The Perl community doesn't really look that well upon certifications. They're more interested in what stuff you've done, what stuff you're doing, and what stuff you plan to do.

In a recent job interview I talked about a system that consisted of an Apache request handler that forked a number of daemons using IPC::Run, each of which would run an application that generated page images. After 60 seconds of inaction the daemon would shut down. The system worked well, had decent performance, and I got it done in 3-4 weeks.

That's way more interesting that saying you got some certification.

Here's another way to look at it. If someone's hiring a truck driver or a limo driver, they would indeed need to present their credentials -- but I can't imagine hiring a driver without the obvious "OK -- let's go for a drive."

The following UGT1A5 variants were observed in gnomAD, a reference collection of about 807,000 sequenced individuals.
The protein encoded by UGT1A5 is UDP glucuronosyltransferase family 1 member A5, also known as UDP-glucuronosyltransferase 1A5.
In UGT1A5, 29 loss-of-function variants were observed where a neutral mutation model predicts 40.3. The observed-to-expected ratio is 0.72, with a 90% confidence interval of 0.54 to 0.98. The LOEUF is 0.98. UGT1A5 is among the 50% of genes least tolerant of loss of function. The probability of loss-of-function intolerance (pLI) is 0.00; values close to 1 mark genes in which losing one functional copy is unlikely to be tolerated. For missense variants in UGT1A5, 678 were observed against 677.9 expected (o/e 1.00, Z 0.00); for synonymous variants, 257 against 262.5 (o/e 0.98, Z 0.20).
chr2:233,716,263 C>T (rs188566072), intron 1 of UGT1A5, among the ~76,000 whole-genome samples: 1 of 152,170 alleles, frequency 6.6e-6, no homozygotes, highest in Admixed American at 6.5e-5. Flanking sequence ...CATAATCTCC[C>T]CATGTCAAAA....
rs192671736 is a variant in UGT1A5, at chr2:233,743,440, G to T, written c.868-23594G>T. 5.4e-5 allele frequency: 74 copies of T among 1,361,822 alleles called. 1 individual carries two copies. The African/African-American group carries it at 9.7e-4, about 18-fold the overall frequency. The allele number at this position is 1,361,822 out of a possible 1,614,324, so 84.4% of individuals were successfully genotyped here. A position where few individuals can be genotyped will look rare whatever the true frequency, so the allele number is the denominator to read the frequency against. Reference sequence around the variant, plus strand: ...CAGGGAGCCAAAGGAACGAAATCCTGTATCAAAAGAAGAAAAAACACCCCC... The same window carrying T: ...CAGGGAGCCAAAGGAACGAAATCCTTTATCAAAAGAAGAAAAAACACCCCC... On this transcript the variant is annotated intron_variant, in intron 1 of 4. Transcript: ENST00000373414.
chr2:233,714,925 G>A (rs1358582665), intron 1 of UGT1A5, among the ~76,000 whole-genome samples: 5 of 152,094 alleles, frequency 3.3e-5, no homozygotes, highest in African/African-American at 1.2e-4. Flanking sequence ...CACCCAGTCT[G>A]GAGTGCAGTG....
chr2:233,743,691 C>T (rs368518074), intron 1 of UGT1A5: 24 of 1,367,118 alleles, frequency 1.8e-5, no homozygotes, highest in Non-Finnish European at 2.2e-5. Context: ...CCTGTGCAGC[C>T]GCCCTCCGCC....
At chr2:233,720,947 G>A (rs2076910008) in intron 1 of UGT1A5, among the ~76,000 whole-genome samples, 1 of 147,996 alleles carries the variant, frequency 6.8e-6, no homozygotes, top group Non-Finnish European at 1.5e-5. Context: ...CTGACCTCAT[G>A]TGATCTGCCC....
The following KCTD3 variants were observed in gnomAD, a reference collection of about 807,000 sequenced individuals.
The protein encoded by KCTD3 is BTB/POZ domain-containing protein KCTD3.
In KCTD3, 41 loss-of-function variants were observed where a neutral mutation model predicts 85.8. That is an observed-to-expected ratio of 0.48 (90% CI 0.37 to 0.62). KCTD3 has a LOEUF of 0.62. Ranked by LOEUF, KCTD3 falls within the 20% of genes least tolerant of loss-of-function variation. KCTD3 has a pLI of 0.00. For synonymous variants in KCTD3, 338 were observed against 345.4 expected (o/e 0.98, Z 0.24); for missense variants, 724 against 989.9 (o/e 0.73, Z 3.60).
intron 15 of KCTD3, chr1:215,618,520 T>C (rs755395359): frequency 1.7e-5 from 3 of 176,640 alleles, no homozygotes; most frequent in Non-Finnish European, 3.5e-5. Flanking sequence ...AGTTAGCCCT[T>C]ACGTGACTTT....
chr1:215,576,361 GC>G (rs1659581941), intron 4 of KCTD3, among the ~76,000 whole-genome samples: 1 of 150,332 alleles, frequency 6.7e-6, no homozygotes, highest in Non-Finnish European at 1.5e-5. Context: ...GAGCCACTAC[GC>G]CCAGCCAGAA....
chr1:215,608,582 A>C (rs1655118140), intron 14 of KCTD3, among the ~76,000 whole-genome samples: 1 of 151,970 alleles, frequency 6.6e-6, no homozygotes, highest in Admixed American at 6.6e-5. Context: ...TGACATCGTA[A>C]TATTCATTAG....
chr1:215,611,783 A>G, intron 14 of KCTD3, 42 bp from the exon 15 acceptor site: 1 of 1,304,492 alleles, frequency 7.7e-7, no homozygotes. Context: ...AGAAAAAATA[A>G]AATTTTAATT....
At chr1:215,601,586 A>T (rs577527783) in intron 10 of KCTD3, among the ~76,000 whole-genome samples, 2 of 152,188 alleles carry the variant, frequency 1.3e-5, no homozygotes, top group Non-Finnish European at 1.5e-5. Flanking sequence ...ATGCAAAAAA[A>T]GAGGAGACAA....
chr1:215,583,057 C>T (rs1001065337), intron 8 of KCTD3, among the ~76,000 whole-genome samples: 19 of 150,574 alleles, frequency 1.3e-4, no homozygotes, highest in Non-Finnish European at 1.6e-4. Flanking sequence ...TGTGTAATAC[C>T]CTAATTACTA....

It's usual and customary during a job interview for a developer to be able to go up to a white board and do an off-the-cuff presentation about the technical aspects of a chunk of Perl code they've done. If they're not able to do that, they need to learn more Perl, or improve their presentation skills.

In conclusion: certification for Perl is a waste of time and money.

Alex / talexb / Toronto

"Groklaw is the open-source mentality applied to legal research" ~ Linus Torvalds

In reply to Re: perl certification by talexb
in thread perl certification by myuser

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